'Phool' And 'Pul' (Bridge) Mix-Up Triggered Mumbai Stampede, Says Survivor

A senior railway official said they were yet to find out if this was the sole cause of the Elphinstone stampede.

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'Phool' And 'Pul' (Bridge) Mix-Up Triggered Mumbai Stampede, Says Survivor

Elphinstone Station Stampede: 23 people were killed and 30 others were injured in the accident.

Mumbai: 

Highlights

  1. Flower vendor's cry was mistaken as 'bridge has fallen': Student survivor
  2. Railways is investigating the Elphinstone Road station stampede
  3. 23 people died and more than 30 were injured in the stampede on Sept 29
The deadly stampede that killed 23 people and left over 30 injured in Mumbai on Friday may have been triggered by the most unfortunate of mix-ups. A flower vendor's cry of "phool gir gaya (flowers have fallen)" being mistaken as "pul gir gaya (the bridge has fallen)" might have caused the panic on a bridge linking two suburban train stations, a survivor has told investigators probing the incident, news agency PTI reported on Wednesday.

However, a senior railway official said they were yet to say for sure if this was the only cause of the accident during peak office hours on the narrow bridge connecting Elphinstone Road and Parel stations.

Railway officials, facing severe criticism for apparently ignoring warnings that a tragedy like this could occur, had launched an inquiry into the circumstances leading to the stampede, where vendors selling their flowers and other products are a common sight.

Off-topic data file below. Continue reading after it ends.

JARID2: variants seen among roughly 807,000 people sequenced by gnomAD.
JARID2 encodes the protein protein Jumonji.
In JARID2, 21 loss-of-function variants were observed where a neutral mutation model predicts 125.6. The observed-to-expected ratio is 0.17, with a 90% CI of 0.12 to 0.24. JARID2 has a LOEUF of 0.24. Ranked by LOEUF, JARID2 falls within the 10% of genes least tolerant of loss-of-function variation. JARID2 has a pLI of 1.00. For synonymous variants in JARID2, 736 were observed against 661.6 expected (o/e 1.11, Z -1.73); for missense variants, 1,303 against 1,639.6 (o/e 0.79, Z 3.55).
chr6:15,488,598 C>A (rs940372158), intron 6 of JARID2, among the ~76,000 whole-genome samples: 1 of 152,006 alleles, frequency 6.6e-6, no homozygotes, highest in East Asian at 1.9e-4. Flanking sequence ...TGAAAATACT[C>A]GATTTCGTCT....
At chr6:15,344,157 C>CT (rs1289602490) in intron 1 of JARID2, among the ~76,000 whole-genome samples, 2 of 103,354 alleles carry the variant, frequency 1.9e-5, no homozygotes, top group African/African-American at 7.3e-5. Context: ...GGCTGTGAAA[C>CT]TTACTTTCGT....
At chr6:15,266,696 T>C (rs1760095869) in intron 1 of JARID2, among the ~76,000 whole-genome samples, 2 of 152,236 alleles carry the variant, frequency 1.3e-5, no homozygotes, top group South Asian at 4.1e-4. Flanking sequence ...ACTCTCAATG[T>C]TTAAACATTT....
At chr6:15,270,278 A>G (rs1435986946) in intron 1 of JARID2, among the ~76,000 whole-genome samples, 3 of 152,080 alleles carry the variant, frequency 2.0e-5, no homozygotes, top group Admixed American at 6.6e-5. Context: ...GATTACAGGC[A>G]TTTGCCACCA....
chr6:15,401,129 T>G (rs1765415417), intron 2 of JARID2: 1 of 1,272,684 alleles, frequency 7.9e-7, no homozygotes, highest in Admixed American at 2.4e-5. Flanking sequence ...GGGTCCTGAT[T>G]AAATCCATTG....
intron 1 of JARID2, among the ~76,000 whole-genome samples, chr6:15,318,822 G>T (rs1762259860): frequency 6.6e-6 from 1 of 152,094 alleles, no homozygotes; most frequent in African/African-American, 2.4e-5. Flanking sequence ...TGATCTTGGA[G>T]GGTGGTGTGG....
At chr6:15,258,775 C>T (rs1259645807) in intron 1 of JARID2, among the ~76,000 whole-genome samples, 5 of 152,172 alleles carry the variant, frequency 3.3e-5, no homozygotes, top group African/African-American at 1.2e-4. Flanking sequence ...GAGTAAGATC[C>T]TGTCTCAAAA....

"A woman injured in the stampede told the inquiry panel yesterday that a flower vendor uttered the words 'phool gir gaya', which others mistook for 'pul gir gaya'," a senior Western Railway official was quoted as saying by PTI.

She told the inquiry panel that this set off panic among the crowd of people on the stairway and they started running, trampling others, Western Railway's chief spokesperson Ravindra Bhakar said.

The 19-year-old woman, who was going to Vile Parle for her coaching classes, was stuck on staircase. She survived the stampede with some injuries and admitted to the KEM hospital in Parel and later discharged, he said.

Mr Bhakar, however, said it was too early to conclude that this was the only reason for the tragedy. "We will try to get detailed accounts of other injured passengers, locals who rescued them and witnesses as a part of our in-depth inquiry," he said.

He also said the panel will find out if the stampede was sparked by rumours.

Some other survivors had claimed that a short circuit led to panic among the people crammed on the narrow bridge triggering the stampede.

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